In a shocking turn of events, President Donald Trump abruptly terminated FBI Director James Comey late Tuesday afternoon, claiming he’d lost confidence in him. FBI staffers and many members of Congress reportedly had no idea this announcement was coming.
“President Trump acted based on the clear recommendations of both Deputy Attorney General Rod Rosenstein and Attorney General Jeff Sessions,” White House Press Secretary Sean Spicer said in a statement. A search for Comey’s replacement will begin “immediately,” Spicer said.
Just last week, Comey testified before the Senate Judiciary Committee in a hearing on Russia’s interference in the election and possible collusion between Trump officials and Russian operatives. He was scheduled to appear before a closed session of the Senate Intelligence Committee on Thursday, highlighting just how suddenly Trump’s decision came down.
The FBI is also conducting a parallel probe of Russian election meddling and potential ties between the Trump camp and Russia.
Trump informed Comey in a letter that he had lost faith in his ability to lead the intelligence agency, taking care to emphasize that Comey told him he was not a target of investigation.
“While I greatly appreciate you informing me, on three separate occasions, that I am not under investigation, I nevertheless concur with the judgment of the Department of Justice that you are not able to effectively lead the Bureau,” Trump wrote.
In a memorandum, Deputy Attorney General Rosenstein accused Comey of causing “substantial damage” to the FBI’s “reputation and credibility” through his handling of the investigation into Hillary Clinton’s use of a private email server. Rosenstein was only confirmed by the Senate on April 25.
In the memo, he said Comey erred by announcing in a press conference on July 5 that Clinton would not be prosecuted, saying the “FBI Director is never empowered to supplant federal prosecutors and assume command of the Justice Department.”
Comey’s comments about Clinton’s “extremely careless” handling of classified information, which Republicans seized on during the 2016 presidential election, were “a textbook example of what federal prosecutors and agents are taught not to do,” Rosenstein wrote.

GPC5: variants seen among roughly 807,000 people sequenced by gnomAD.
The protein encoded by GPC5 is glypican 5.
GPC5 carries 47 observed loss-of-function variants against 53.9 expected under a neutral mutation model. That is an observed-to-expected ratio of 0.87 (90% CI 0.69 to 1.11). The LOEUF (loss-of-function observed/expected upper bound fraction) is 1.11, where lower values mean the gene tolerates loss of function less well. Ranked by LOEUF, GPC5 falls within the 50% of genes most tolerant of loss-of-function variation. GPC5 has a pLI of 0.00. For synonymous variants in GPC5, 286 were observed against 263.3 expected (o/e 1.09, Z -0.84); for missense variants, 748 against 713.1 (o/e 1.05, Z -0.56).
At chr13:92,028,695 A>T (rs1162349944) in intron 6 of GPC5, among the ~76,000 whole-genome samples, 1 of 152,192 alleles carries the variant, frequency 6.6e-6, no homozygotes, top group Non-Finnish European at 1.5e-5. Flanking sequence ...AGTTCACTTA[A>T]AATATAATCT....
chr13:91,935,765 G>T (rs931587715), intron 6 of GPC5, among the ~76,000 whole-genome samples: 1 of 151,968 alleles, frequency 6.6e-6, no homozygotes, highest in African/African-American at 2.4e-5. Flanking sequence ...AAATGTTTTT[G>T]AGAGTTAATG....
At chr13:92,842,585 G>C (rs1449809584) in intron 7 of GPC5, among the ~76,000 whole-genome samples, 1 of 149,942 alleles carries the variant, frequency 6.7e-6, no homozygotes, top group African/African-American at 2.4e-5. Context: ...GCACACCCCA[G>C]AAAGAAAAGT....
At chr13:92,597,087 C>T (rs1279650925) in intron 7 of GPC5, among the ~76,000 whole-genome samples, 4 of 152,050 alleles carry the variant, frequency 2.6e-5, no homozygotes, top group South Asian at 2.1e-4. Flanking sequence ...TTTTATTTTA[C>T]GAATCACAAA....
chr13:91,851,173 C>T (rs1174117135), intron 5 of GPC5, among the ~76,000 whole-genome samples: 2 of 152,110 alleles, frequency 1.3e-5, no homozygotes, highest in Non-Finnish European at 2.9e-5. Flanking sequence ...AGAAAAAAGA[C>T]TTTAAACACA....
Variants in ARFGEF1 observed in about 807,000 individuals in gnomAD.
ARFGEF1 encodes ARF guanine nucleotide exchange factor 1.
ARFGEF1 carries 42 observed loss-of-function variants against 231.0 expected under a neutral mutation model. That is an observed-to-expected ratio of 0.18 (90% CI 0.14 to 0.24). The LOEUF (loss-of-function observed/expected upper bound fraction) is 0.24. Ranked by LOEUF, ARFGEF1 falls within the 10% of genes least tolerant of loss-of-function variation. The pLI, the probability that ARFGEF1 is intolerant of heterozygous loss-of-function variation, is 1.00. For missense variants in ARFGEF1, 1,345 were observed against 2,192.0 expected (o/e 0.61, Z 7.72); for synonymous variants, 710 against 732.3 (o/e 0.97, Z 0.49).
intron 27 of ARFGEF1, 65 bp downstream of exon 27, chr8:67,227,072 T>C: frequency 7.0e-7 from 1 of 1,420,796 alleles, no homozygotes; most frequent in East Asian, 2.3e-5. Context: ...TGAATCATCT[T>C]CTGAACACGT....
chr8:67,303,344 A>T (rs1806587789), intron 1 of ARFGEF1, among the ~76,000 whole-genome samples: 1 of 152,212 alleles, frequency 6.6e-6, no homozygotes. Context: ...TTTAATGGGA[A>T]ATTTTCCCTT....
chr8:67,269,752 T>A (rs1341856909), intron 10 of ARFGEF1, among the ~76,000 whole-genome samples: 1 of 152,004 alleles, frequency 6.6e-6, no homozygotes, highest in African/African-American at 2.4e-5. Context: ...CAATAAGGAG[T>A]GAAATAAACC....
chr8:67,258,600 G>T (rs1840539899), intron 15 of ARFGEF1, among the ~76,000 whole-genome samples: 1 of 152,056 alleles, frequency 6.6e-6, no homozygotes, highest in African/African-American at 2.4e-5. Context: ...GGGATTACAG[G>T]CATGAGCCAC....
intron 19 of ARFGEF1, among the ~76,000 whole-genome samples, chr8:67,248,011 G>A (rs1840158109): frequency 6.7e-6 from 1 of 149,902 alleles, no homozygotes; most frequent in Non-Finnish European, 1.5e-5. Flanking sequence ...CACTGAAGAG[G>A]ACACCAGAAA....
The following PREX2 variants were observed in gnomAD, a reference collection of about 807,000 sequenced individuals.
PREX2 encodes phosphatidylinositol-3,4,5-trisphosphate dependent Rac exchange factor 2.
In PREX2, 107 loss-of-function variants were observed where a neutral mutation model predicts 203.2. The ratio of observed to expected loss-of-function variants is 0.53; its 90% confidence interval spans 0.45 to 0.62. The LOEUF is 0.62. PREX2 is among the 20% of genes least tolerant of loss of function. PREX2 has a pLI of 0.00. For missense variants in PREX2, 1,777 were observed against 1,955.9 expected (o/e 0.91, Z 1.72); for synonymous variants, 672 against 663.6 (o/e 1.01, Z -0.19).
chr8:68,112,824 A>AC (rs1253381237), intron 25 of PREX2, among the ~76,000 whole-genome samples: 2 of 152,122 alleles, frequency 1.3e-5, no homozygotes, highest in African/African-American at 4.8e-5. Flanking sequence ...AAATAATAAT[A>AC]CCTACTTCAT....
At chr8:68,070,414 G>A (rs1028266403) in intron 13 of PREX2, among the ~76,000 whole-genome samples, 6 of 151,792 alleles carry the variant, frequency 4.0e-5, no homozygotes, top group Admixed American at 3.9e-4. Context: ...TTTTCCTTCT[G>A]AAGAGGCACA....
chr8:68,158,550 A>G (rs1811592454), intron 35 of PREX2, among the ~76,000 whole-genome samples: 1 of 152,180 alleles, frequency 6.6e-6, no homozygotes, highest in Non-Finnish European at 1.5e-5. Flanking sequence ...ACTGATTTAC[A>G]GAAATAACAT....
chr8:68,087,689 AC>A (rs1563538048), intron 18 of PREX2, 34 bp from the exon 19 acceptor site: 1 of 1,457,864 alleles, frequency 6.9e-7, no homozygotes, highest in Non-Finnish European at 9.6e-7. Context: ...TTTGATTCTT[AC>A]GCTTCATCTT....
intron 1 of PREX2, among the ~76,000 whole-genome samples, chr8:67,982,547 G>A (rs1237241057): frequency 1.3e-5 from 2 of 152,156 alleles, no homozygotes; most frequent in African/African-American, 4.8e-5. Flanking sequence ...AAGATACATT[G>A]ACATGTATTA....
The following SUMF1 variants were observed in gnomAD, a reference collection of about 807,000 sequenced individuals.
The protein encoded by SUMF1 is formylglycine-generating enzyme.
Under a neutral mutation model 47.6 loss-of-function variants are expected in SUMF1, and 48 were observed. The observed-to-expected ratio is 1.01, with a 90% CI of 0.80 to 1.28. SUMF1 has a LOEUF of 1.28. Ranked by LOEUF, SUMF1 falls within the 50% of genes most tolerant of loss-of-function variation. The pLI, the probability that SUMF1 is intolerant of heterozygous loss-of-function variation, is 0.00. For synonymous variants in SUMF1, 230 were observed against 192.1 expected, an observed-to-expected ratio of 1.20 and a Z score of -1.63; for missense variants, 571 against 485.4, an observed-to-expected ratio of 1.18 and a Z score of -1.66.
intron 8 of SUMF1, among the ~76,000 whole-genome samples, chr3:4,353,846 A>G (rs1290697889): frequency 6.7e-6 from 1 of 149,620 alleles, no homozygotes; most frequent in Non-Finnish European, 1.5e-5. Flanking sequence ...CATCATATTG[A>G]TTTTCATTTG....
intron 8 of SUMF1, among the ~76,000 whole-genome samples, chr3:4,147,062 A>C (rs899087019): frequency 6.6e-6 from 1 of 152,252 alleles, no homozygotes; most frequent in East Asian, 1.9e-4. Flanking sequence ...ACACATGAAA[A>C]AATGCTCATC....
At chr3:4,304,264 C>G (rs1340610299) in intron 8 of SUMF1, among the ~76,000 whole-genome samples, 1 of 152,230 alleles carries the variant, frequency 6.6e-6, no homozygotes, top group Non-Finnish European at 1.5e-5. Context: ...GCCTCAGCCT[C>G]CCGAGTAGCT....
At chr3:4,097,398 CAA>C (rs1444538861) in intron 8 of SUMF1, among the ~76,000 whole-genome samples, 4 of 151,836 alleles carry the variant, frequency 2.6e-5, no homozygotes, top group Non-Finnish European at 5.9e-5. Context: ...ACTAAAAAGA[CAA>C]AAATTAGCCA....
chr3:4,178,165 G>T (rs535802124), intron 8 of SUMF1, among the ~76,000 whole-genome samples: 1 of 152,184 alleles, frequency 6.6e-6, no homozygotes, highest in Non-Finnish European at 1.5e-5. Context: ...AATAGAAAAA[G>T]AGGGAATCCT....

Rosenstein also criticized Comey’s explanation for announcing on Oct. 28, 11 days before the election, that the FBI had reopened its investigation after discovering fresh emails potentially related to the probe on a computer belonging to Anthony Weiner, the estranged husband to Clinton’s top aide Huma Abedin.
Comey testified before the Senate Judiciary Committee last week that he felt at that time that he had a choice to “speak or conceal,” and made the decision he thought best.
Rosenstein contended that not commenting on open investigations “is not concealment.”
The Justice Department’s inspector general announced in early January, prior to Trump’s inauguration, that he was investigating Comey’s public announcements about the Clinton email investigation.
Michael Horowitz said he wanted to determine if “underlying investigative decisions were based on improper considerations, among other things.”
These concerns did not prompt Trump to dismiss Comey after he took office. Asked by Fox News in April if it was a “mistake” not to ask him to step down at the outset of his presidency, Trump said it was “not too late” to do so.
“I have confidence in him,” Trump replied. “We’ll see what happens. You know, it’s going to be interesting.”
Read the White House statement, letter from Trump, letter from Attorney General Jeff Sessions, and letter from Rosenstein below.
This post has been updated.
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